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The religion of Islam is comprised of five core pillars, and one of those pillars is Hajj, but what is Hajj and why is it important?

Each of the five pillars holds special significance for Muslims because they form the basis of the religion of Islam, and all Muslims should seek to live their lives by the five pillars to please Allah (SWT). Hajj is the fifth pillar of Islam which means it is one of the basic foundations of Muslim beliefs – no matter which school of thought a person may follow. 

What Does Hajj Mean?

Hajj translates in English as ‘pilgrimage’ and refers to the pilgrimage to Mecca that all able Muslims should undertake at least once in their life. 

Do all Muslims Perform Hajj?

As Hajj is one of the five pillars of Islam, it is expected that all able Muslims undertake the pilgrimage at least once in their life; however, there are a handful of exceptions, including:

  • Children
  • Those who are physically/mentally impaired
  • Elderly, frail or otherwise sick Muslims
  • Muslims who cannot afford the expenses of the trip

Aside from these instances, every Muslim is expected to perform Hajj. 

How Long is Hajj?

Hajj is 10 days. 

When is Hajj?

Hajj takes place during the first 10 days of Dhul Hijjah, the 12th and final month in the Islamic (lunar) calendar.

When is Hajj 2021? 

Hajj 2021 is expected to take place from Saturday 17th July to Thursday 22nd July. British Muslims are advised to liaise with local government regarding travel plans and international travel during the Covid-19 pandemic. 

Where is Hajj?

Hajj takes place in Mecca, Saudi Arabia. 

What happens on Hajj?

During the pilgrimage to Mecca, Muslims undertake a series of rituals. Below is an outline of the seven main rituals and what happens on Hajj:

  1. Ihram – Muslims should observe Hajj in a state of purity called ihram. This means no arguing or fighting, abstinence from sexual activity and refraining from trimming hair and nails. In addition to this, Muslims should wear appropriate ihram clothes. For men, ihram clothes take the form of two white sheets wrapped around the body. The sheets should be seamless and sandals are to be worn on the feet. Doing so eliminates any trace of wealth or class status and renders everyone equal. For women, there are no set ihram clothes rules aside from leaving the face and hands uncovered, but many women choose to wear white.
  2. Tawaf – The Kaaba is the most sacred site for Muslims around the world and is located in the Masjid Al-Haram. It was built by Prophet Ibrahim (AS) and his son, Ismail (AS), and whilst performing salat (daily prayers), Muslims do so in the direction of the Kaaba. During Hajj, Muslims move anticlockwise around the Kaaba seven times which is known as Tawaf.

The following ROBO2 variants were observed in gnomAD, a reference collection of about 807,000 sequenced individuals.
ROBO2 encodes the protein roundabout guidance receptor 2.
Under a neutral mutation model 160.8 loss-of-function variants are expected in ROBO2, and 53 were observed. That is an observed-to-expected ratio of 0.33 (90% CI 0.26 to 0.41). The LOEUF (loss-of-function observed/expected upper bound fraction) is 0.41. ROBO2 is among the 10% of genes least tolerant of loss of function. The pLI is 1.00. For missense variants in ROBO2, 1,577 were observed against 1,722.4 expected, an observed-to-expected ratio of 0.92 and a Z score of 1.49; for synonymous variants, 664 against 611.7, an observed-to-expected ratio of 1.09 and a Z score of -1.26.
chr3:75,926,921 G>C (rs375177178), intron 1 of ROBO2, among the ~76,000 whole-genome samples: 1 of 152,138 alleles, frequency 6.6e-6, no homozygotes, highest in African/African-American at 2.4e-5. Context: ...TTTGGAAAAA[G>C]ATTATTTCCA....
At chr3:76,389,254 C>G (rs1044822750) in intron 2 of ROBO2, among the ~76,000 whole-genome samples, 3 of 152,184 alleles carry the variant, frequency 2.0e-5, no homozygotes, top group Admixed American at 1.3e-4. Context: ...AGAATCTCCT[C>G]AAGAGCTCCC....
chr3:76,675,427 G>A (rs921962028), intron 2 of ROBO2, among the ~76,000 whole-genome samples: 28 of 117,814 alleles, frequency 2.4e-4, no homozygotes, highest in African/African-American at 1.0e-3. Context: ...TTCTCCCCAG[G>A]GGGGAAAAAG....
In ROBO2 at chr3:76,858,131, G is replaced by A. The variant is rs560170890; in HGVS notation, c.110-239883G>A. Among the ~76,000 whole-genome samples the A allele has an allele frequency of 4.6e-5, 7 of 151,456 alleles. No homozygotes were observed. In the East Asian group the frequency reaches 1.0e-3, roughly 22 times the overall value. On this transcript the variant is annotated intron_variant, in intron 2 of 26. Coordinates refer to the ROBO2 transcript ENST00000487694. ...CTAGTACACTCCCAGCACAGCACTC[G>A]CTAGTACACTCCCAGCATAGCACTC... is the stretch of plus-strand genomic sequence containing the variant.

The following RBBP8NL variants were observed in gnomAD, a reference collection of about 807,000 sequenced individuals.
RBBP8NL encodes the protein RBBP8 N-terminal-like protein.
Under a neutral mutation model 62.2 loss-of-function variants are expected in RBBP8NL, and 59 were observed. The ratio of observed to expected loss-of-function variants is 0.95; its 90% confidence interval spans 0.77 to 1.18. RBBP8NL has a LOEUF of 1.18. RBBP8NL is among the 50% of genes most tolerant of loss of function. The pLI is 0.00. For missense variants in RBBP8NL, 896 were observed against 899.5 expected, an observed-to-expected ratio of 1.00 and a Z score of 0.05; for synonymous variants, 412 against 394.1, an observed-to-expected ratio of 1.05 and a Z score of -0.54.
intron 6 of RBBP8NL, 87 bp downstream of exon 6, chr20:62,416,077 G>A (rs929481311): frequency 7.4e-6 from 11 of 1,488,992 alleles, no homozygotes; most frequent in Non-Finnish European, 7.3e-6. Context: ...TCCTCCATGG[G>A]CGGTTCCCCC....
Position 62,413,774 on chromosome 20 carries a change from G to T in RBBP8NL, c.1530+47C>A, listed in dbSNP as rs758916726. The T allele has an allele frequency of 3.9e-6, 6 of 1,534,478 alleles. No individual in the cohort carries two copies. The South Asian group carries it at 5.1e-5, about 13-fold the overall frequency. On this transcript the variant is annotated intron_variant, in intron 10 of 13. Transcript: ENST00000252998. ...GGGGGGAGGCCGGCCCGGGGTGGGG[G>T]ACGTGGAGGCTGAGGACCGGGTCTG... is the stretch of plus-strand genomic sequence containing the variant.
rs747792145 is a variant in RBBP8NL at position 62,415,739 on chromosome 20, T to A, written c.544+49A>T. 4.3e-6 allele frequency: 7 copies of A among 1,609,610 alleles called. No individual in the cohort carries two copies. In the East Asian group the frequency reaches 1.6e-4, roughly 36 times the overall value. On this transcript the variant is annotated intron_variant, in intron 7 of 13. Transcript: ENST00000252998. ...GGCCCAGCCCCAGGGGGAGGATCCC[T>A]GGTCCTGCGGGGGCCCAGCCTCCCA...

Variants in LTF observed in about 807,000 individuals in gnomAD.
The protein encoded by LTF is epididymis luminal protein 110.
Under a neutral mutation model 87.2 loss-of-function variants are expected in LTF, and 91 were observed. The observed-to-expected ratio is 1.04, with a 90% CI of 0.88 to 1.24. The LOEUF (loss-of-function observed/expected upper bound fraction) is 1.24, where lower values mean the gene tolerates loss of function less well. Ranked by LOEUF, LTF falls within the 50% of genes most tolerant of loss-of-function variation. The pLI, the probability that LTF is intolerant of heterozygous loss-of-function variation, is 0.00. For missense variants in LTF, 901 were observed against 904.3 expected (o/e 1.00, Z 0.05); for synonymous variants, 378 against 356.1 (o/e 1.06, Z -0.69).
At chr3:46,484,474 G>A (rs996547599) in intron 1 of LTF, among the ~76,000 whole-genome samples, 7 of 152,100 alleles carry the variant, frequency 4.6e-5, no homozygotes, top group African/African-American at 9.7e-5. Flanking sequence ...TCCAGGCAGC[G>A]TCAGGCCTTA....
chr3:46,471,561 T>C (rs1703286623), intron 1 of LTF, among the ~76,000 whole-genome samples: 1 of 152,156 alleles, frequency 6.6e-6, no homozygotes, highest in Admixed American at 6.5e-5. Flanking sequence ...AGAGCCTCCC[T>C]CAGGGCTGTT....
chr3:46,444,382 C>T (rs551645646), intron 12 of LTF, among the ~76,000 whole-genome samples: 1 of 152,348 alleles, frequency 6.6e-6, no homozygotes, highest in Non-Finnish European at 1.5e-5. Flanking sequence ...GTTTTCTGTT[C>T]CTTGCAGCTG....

3. Al-Safa / Al-Marwah – It is said that Prophet Ibrahim (AS) was ordered by Allah (SWT) to leave his wife, Hajar, and his newborn son, Ismail, in the desert. Prophet Ibrahim (AS) left them with limited resources, and when these expired, Hajar ran seven times between Safa and Marwah (two hills) in an attempt to find water. Angel Jibril appeared and directed to a water spring in the ground. Hajar built a well around the spring which is now known as the well and Zamzam. To honour Hajar’s efforts, Muslims run seven times between the Al-Safa and Al-Marwah hills, both located in the Masjid Al-Haram.
  4. Mount Arafat – Prophet Muhammad (PBUH) received his first revelation from Allah (SWT) and performed his final sermon at Mount Arafat on the edge of Mecca. It is now a highly sacred site and during Hajj, Muslims go to Mount Arafat and observe a vigil.
  5. Stoning of the devil – After leaving Mount Arafat, Muslims partake in the ritual of stoning the devil. Prophet Ibrahim (AS) is said to have been approached by the devil on three separate occasions as he sought to dissuade Ibrahim from obeying Allah (SWT). In response, Prophet Ibrahim (AS) threw stones at him. To mark this, Muslims throw stones at three walls in Mina as part of the Hajj.
  6. Eid ul-Adha – On the 10th day of Dhul Hijjah, Eid ul-Adha begins and is marked by the sacred Eid prayer. Eid ul-Adha is the greater Eid and is a designated period of three days of celebration as marked out by the Prophet Muhammad (PBUH).
  7. Qurbani – The final part of the Hajj pilgrimage is Qurbani which commences following the Eid ul-Adha prayer. Qurbani is the sacrifice of an animal which is observed by Muslims to honour the sacrifice Prophet Ibrahim (AS) was willing to make by giving his son, Ismail (AS) as per Allah’s (SWT) command. At the last moment, Allah (SWT) saved Ismail (AS) and put a goat in his place. For this reason, all Muslims should make a Qurbani sacrifice or a Qurbani donation.

These are the seven main ways denoting how to perform Hajj. 

What is the difference between Hajj and Umrah?

Umrah is when a Muslim makes the trip to Mecca and performs the pilgrimage rituals at any other time of the year outside of Dhul Hijjah. Umrah is not an obligatory religious duty.

Hajj is an obligatory religious duty and only takes place during Dhul Hijjah. 

Qurbani donation 

Please consider making your Qurbani donation to Orphans in Need as Dhul Hijjah and Eid ul-Adha approach. 


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